Fishing photo

Senior Grant Tebb goes fly fishing in the Spokane River near Bowl and Pitcher State Park

Is the midterms hangover still pressing on you? Is sitting at a desk for hours staring at textbooks becoming monotonous? In need of an inexpensive yet relaxing break from all the stress? Well, a pole and some worms are all that’s needed for a Gonzaga University student to have a good time. 

“Fishing is a great way to get outside, exercise and remove your mind from a lot of daily stresses,” Seth Frings said, a senior at GU that has experience fishing in the Spokane area. 

But with 76 different lakes located within an hour of the city, choosing the location for the best cast can be a difficult choice to make. Not to mention, there’s a lot of factors to consider before hitting the road; accessibility, types of fish, required gear and weather conditions are just a few factors that impact an experience on the water. Some places are more suitable for bass fishing off a dock, while others tend to have an abundance of trout or steelhead that can be snagged while fly fishing. 

Luckily, there’s plenty of Zags that are veteran fishermen and willing to share their insights on when and where to cast a line. 

For those who may not have a mode of transportation, or simply do not wish to travel far, the Spokane River near GU’s campus has proven to be a viable spot for trout fishing, specifically rainbow and brown. These fish range from eight inches to a foot in length and can be pesky catches for any fisherman, which makes bait selection very important. 

Trout are much pickier and harder to fool than bass,” Fringes said. “As juveniles, they even see in the ultraviolet spectrum. 

To determine his lure, Fringes likes to survey the surrounding ecosystem for potential insects that may entice a big trout. 

“It’s always a good idea to get familiar with the trout’s current diet before you tie on a fly,” Fringes said. 

Before strolling down to the river, students are also advised to check local regulations regarding which regions are open to public fishing. This applies to other lakes as well, but due to the river’s size and popularity, the accessibility varies. Fisherman must also have a valid fishing license, which they can purchase on the Washington Department of Fish and Wildlife website.  

If casting ashore doesn’t do the trick, Frings suggests that more experienced fisherman, also referred to as “anglers”may enjoy fly fishing in the river. This activity involves more technique and nuance, making it a difficult task for anyone to master. Cooper Osborn, a sophomore at GU and Spokane native, expressed that while challenging, fly fishing in the Spokane River is well worth it. 

“Like any skill or trade, it takes time and practice, but you can absolutely pick it up,” said Osborn. “The river is definitely the best for fly fishing.” 

Osborn, who learned the skill through YouTube videos, noted that the depth of the river in certain areas near campus make fly fishing difficult. However, students don’t have to travel far to find shallower water.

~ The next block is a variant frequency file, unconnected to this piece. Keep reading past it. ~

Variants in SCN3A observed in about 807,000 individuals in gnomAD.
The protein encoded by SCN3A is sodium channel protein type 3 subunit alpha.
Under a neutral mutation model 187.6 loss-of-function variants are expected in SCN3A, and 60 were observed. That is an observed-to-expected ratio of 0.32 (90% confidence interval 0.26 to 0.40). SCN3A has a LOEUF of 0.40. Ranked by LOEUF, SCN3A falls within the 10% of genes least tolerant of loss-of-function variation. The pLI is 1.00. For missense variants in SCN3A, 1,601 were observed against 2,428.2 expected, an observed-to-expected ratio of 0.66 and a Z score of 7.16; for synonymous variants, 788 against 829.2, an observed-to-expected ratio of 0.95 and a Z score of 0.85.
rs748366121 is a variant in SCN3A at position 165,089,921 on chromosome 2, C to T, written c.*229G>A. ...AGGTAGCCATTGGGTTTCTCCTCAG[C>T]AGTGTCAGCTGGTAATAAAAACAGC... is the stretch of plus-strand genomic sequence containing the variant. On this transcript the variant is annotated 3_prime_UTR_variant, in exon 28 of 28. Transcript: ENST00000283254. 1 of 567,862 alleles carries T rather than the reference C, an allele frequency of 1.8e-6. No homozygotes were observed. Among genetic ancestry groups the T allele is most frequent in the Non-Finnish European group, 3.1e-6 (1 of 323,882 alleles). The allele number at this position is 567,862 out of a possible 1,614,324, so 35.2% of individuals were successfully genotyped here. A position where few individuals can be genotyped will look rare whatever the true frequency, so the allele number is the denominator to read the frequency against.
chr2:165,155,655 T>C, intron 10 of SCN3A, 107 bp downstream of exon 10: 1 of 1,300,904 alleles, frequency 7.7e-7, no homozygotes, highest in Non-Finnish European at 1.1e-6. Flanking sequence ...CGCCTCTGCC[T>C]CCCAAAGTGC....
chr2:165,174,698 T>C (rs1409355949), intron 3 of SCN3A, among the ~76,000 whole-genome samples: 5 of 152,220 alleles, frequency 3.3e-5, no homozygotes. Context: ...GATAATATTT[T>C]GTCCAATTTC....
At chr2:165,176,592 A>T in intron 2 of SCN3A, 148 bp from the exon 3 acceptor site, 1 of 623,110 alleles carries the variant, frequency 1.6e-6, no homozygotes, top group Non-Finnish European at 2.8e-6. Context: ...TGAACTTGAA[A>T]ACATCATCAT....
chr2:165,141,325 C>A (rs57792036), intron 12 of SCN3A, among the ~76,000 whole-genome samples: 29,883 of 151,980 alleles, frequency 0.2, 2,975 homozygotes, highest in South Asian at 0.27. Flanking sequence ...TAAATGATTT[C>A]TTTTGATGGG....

“If you go towards the west, you can find some nice spots on the lower Spokane,” Osborn said.  

There’s also a heightened sense of involvement when it comes to fly fishing; rather than just waiting patiently for a bite, anglers are more engaged when choosing the right fly and moving to new spots more frequently. This process is why senior Grant Tebbs prefers this style of fishing whenever he goes to the Spokane River. 

Other fishing is more cast and wait then repeat, where fly fishing you constantly move up or down the river,” Tebbs said. “And the process of picking the right fly has a bit more style to it.”  

Beyond the river, there are numerous lakes in the Spokane area that house a wide variety of fish, from smallmouth bass to the rare tiger musky. Most of these locations have access to public docks and beachesallowing for easy casting that anyone can enjoy effortlessly. Of these lakes, Newman Lake has been acclaimed by multiple Zags as the best one. 

For largemouth bass fishing, the best spot around here is easily Newman Lake,” Osborn said.  “While you might not catch the most fish there, you’ll absolutely catch the biggest.” 

According to Osborn, there are only two lakes in the Spokane region where muskies can be found, one of which is Newman lake. While they are rare to catch, snagging one isn’t completely out of the realm of possibility. 

“They’re elusive fish and are commonly referred to as the fish of 10,000 casts,” Osborn said. “But with some skill and a whole bunch of luck, you can find them there.” 

The other lake Osborn alluded to is Silver Lake, which is just over a 20-minute drive from the GU campus. Carp are most commonly found here as well, along with crappie, largemouth bass and trout in the springtime. While shoreline access is limited, there is a public boat launch with a dock.  

Elioka Lake, Liberty Lake and Lake Spokane are other notable fisheries that Zag fisherman have enjoyed. 

And when in doubt, local bait and fly shops are always great resources when it comes to fishing in Spokane. 

The biggest benefit of that is you can ask what flies are working and setup we should use as well,” senior Caleb Cramer said. “Those guys are the pros and they spend far more time on the water.” 

So don’t add more stress in deciding how and when to fish; just get out there and cast. 

Cole Forsman is a staff writer. Follow him on Twitter: @CGForsman.

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